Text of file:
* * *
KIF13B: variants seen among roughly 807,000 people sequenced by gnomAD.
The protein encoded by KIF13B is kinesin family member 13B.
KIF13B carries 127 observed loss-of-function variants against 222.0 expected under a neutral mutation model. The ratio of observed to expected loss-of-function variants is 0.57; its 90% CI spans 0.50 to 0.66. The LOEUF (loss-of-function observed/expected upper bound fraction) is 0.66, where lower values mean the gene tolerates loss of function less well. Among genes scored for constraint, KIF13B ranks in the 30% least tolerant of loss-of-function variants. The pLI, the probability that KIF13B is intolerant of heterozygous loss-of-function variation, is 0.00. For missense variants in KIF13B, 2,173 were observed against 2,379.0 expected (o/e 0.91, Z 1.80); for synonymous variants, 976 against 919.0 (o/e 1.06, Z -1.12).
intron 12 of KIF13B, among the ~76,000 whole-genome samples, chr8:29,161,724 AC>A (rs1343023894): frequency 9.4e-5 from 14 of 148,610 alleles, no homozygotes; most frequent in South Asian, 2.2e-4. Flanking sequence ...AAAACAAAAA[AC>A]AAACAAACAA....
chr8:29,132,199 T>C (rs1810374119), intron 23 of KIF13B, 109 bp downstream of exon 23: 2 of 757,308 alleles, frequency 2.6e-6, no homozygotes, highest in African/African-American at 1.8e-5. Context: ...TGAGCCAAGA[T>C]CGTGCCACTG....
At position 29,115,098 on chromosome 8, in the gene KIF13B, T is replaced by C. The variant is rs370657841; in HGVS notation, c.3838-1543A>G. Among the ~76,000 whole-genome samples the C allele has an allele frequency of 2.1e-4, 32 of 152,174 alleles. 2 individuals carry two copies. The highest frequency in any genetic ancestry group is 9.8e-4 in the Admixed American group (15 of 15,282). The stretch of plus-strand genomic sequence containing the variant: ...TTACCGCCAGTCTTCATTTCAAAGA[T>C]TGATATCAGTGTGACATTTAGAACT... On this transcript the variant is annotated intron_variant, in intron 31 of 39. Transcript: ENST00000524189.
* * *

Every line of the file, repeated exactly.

KIF13B: variants seen among roughly 807,000 people sequenced by gnomAD.
The protein encoded by KIF13B is kinesin family member 13B.
KIF13B carries 127 observed loss-of-function variants against 222.0 expected under a neutral mutation model. The ratio of observed to expected loss-of-function variants is 0.57; its 90% CI spans 0.50 to 0.66. The LOEUF (loss-of-function observed/expected upper bound fraction) is 0.66, where lower values mean the gene tolerates loss of function less well. Among genes scored for constraint, KIF13B ranks in the 30% least tolerant of loss-of-function variants. The pLI, the probability that KIF13B is intolerant of heterozygous loss-of-function variation, is 0.00. For missense variants in KIF13B, 2,173 were observed against 2,379.0 expected (o/e 0.91, Z 1.80); for synonymous variants, 976 against 919.0 (o/e 1.06, Z -1.12).
intron 12 of KIF13B, among the ~76,000 whole-genome samples, chr8:29,161,724 AC>A (rs1343023894): frequency 9.4e-5 from 14 of 148,610 alleles, no homozygotes; most frequent in South Asian, 2.2e-4. Flanking sequence ...AAAACAAAAA[AC>A]AAACAAACAA....
chr8:29,132,199 T>C (rs1810374119), intron 23 of KIF13B, 109 bp downstream of exon 23: 2 of 757,308 alleles, frequency 2.6e-6, no homozygotes, highest in African/African-American at 1.8e-5. Context: ...TGAGCCAAGA[T>C]CGTGCCACTG....
At position 29,115,098 on chromosome 8, in the gene KIF13B, T is replaced by C. The variant is rs370657841; in HGVS notation, c.3838-1543A>G. Among the ~76,000 whole-genome samples the C allele has an allele frequency of 2.1e-4, 32 of 152,174 alleles. 2 individuals carry two copies. The highest frequency in any genetic ancestry group is 9.8e-4 in the Admixed American group (15 of 15,282). The stretch of plus-strand genomic sequence containing the variant: ...TTACCGCCAGTCTTCATTTCAAAGA[T>C]TGATATCAGTGTGACATTTAGAACT... On this transcript the variant is annotated intron_variant, in intron 31 of 39. Transcript: ENST00000524189.